Over the past 60 years, vast changes in agricultural production, including use of chemical-based fertilisers and adoption of intensive confinement systems have made meat much more widely available and affordable than it was in the past. Perhaps nowhere else than China has this “livestock revolution” and the shift from diets based on plant foods to those much heavier in animal products been more striking or more visible.

As its rapid economic expansion has allowed more and more Chinese to enter the new middle class, meat has moved from the side of the dinner plate to the centre, particularly in China’s many metropolises. Since 1980, overall meat consumption has quadrupled to its current level, 54 kilograms (119 pounds) per person each year.

That’s still only about half the annual meat consumption per capita of the United States, which hovers around 100 kilograms (220 pounds). But with every fifth person in the world Chinese, even small increases in individual meat and dairy consumption will have broad environmental, climate, health, and food security impacts. What China eats, and how it produces its food, affects not only the country, but also the world.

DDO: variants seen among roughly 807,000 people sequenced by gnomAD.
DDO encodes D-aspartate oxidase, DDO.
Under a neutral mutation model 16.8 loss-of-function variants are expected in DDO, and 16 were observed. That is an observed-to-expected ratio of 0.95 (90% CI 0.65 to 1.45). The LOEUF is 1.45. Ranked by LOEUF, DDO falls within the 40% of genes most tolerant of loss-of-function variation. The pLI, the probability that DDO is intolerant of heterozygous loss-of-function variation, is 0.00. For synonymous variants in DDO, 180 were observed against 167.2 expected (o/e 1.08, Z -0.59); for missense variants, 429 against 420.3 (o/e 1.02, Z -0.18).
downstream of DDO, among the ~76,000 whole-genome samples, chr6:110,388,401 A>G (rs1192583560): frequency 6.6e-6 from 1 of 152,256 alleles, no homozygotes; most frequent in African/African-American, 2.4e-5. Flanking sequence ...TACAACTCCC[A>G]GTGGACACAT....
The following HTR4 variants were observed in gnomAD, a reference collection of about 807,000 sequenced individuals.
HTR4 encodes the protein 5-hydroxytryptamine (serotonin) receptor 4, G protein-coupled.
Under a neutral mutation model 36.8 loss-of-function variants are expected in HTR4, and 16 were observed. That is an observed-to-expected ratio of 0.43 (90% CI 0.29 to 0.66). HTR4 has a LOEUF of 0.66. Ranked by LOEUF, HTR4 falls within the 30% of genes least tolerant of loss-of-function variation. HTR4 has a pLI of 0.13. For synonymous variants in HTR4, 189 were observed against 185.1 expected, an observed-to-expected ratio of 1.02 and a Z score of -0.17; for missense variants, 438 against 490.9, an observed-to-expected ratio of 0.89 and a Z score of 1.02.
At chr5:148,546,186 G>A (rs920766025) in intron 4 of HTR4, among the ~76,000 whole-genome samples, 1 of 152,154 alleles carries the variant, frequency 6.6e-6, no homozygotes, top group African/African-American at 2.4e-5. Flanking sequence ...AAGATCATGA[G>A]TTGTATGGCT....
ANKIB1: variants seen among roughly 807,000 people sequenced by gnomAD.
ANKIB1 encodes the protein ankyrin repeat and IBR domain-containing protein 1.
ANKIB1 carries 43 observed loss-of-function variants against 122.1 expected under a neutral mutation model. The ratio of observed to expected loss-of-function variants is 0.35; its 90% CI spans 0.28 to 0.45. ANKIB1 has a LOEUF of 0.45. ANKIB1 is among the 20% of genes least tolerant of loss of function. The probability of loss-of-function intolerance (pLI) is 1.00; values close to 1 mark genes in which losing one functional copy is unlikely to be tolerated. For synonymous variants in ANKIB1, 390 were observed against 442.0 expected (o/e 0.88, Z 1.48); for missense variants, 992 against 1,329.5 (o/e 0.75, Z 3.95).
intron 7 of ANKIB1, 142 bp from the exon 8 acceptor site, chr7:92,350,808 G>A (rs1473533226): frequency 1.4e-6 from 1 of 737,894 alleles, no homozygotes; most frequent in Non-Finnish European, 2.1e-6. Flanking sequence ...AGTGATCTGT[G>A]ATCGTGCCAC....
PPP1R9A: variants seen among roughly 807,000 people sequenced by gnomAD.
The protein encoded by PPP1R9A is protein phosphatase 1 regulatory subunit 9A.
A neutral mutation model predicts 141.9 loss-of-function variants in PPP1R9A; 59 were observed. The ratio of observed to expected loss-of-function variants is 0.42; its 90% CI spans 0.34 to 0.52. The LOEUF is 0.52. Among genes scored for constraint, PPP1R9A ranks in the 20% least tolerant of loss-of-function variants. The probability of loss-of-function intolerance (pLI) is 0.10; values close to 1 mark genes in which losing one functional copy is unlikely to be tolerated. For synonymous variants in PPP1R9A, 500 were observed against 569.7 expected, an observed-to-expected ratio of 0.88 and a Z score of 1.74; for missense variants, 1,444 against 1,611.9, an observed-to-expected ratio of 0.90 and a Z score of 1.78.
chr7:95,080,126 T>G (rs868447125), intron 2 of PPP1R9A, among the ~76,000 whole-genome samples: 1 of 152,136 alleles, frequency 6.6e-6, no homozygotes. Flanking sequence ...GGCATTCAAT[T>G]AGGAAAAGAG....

And while China is not yet a bona fide "factory-farm nation" like the United States and most of Europe, the strains of its fast-growing livestock sector are becoming harder to ignore. Indeed, swine flu comes on the heels in China of recent, deadly outbreaks of avian flu, severe acute respiratory syndrome (SARS) and 2007’s “blue ear” scare that killed tens of thousands of pigs, all of which have rattled food markets around the world.